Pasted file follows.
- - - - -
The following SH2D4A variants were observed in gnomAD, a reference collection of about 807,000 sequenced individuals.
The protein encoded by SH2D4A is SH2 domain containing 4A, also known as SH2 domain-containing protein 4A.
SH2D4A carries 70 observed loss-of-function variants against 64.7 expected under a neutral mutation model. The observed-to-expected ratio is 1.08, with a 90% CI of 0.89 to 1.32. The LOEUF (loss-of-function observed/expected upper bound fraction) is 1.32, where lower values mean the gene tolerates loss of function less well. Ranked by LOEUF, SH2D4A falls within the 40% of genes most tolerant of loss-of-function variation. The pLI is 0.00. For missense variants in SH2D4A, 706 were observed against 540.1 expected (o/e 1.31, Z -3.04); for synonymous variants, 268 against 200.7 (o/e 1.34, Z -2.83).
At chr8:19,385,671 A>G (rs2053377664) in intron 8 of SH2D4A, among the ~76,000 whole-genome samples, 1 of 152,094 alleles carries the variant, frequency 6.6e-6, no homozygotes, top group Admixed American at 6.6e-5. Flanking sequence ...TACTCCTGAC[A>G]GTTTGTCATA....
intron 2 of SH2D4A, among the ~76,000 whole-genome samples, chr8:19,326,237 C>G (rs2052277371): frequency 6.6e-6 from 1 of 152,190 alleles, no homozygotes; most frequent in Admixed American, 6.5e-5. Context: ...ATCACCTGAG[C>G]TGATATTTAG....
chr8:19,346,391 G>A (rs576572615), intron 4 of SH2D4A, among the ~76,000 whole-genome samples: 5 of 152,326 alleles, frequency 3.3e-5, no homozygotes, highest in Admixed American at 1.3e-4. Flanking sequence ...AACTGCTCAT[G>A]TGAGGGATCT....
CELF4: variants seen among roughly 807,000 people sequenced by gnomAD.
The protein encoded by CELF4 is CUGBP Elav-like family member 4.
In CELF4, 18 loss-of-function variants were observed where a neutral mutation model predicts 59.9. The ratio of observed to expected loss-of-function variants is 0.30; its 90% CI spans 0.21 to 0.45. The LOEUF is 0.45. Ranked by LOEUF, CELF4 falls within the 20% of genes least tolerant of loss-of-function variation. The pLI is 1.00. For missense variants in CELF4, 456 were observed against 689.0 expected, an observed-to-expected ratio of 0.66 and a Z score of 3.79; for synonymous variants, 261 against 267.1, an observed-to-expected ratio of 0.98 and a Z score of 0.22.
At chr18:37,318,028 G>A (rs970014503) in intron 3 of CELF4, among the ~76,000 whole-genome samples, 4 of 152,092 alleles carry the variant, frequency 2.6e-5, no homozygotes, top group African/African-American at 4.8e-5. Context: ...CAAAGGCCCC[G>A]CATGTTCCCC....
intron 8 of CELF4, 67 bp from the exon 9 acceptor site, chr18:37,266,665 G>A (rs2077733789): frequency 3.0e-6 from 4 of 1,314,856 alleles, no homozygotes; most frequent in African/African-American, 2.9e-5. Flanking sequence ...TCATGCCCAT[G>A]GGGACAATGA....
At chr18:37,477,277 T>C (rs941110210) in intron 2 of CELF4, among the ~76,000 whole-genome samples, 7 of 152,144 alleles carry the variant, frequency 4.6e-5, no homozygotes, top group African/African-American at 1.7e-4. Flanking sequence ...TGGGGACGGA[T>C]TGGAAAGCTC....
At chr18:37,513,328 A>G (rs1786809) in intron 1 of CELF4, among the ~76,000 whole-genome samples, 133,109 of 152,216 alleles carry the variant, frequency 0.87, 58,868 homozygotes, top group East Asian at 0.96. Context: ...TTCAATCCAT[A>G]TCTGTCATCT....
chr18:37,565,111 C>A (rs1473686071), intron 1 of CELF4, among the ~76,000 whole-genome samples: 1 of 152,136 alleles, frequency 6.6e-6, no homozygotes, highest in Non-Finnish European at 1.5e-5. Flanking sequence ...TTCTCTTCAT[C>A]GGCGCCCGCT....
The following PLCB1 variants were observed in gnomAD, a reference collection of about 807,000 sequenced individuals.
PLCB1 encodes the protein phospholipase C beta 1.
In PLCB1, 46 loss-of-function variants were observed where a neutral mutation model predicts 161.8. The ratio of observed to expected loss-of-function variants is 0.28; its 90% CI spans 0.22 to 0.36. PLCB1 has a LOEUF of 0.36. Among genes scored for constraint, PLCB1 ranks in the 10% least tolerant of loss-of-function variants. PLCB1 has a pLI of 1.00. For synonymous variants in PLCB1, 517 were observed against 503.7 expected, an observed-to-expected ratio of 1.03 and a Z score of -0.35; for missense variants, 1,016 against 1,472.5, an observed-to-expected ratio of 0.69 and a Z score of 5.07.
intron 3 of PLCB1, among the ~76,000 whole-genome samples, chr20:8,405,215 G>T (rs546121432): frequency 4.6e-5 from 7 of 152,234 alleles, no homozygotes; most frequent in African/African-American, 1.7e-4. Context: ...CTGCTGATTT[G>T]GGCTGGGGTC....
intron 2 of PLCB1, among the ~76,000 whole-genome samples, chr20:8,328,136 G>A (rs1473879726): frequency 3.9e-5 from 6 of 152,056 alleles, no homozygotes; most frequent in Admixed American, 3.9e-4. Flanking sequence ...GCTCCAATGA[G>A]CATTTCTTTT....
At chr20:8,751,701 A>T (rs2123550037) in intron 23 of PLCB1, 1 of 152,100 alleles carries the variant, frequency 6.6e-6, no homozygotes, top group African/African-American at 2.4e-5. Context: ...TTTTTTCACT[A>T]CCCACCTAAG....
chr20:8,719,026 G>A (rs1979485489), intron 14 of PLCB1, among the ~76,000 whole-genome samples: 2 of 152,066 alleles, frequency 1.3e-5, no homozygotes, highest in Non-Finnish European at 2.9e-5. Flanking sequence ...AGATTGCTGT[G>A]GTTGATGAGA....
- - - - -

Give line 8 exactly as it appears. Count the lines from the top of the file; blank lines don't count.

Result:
The protein encoded by CELF4 is CUGBP Elav-like family member 4.